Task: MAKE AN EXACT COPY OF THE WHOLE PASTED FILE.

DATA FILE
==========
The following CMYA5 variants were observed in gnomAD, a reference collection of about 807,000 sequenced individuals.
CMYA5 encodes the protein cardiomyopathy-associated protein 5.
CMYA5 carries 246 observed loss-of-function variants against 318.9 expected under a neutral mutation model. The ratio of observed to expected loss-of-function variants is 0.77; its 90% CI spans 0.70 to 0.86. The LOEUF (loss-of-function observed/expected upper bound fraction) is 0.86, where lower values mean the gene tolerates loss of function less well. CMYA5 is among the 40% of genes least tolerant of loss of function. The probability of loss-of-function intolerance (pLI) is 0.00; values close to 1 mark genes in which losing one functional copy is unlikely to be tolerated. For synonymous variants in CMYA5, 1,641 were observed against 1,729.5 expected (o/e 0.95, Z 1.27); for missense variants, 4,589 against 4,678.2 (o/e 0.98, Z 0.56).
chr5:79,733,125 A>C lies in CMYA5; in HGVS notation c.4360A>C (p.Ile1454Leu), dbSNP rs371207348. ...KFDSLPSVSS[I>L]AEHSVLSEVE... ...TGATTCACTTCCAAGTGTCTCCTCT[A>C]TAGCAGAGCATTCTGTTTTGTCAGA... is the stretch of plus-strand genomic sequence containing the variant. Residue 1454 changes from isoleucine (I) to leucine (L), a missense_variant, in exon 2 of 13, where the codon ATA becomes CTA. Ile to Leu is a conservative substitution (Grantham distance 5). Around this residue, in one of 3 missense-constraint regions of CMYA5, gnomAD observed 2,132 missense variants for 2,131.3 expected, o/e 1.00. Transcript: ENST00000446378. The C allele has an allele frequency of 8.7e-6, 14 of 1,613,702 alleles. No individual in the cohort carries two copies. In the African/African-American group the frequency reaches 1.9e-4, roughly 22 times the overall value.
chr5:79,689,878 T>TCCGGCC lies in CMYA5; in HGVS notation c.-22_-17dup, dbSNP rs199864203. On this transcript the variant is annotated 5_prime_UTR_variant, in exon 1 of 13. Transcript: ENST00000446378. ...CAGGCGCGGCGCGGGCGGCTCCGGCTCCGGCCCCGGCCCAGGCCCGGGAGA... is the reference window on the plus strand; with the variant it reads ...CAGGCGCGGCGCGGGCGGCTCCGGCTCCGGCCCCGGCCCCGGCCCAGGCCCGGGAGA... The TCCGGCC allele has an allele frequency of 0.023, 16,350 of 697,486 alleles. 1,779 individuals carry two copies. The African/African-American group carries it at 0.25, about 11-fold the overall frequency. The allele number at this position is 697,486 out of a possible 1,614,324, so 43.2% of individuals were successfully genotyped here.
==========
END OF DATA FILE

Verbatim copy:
The following CMYA5 variants were observed in gnomAD, a reference collection of about 807,000 sequenced individuals.
CMYA5 encodes the protein cardiomyopathy-associated protein 5.
CMYA5 carries 246 observed loss-of-function variants against 318.9 expected under a neutral mutation model. The ratio of observed to expected loss-of-function variants is 0.77; its 90% CI spans 0.70 to 0.86. The LOEUF (loss-of-function observed/expected upper bound fraction) is 0.86, where lower values mean the gene tolerates loss of function less well. CMYA5 is among the 40% of genes least tolerant of loss of function. The probability of loss-of-function intolerance (pLI) is 0.00; values close to 1 mark genes in which losing one functional copy is unlikely to be tolerated. For synonymous variants in CMYA5, 1,641 were observed against 1,729.5 expected (o/e 0.95, Z 1.27); for missense variants, 4,589 against 4,678.2 (o/e 0.98, Z 0.56).
chr5:79,733,125 A>C lies in CMYA5; in HGVS notation c.4360A>C (p.Ile1454Leu), dbSNP rs371207348. ...KFDSLPSVSS[I>L]AEHSVLSEVE... ...TGATTCACTTCCAAGTGTCTCCTCT[A>C]TAGCAGAGCATTCTGTTTTGTCAGA... is the stretch of plus-strand genomic sequence containing the variant. Residue 1454 changes from isoleucine (I) to leucine (L), a missense_variant, in exon 2 of 13, where the codon ATA becomes CTA. Ile to Leu is a conservative substitution (Grantham distance 5). Around this residue, in one of 3 missense-constraint regions of CMYA5, gnomAD observed 2,132 missense variants for 2,131.3 expected, o/e 1.00. Transcript: ENST00000446378. The C allele has an allele frequency of 8.7e-6, 14 of 1,613,702 alleles. No individual in the cohort carries two copies. In the African/African-American group the frequency reaches 1.9e-4, roughly 22 times the overall value.
chr5:79,689,878 T>TCCGGCC lies in CMYA5; in HGVS notation c.-22_-17dup, dbSNP rs199864203. On this transcript the variant is annotated 5_prime_UTR_variant, in exon 1 of 13. Transcript: ENST00000446378. ...CAGGCGCGGCGCGGGCGGCTCCGGCTCCGGCCCCGGCCCAGGCCCGGGAGA... is the reference window on the plus strand; with the variant it reads ...CAGGCGCGGCGCGGGCGGCTCCGGCTCCGGCCCCGGCCCCGGCCCAGGCCCGGGAGA... The TCCGGCC allele has an allele frequency of 0.023, 16,350 of 697,486 alleles. 1,779 individuals carry two copies. The African/African-American group carries it at 0.25, about 11-fold the overall frequency. The allele number at this position is 697,486 out of a possible 1,614,324, so 43.2% of individuals were successfully genotyped here.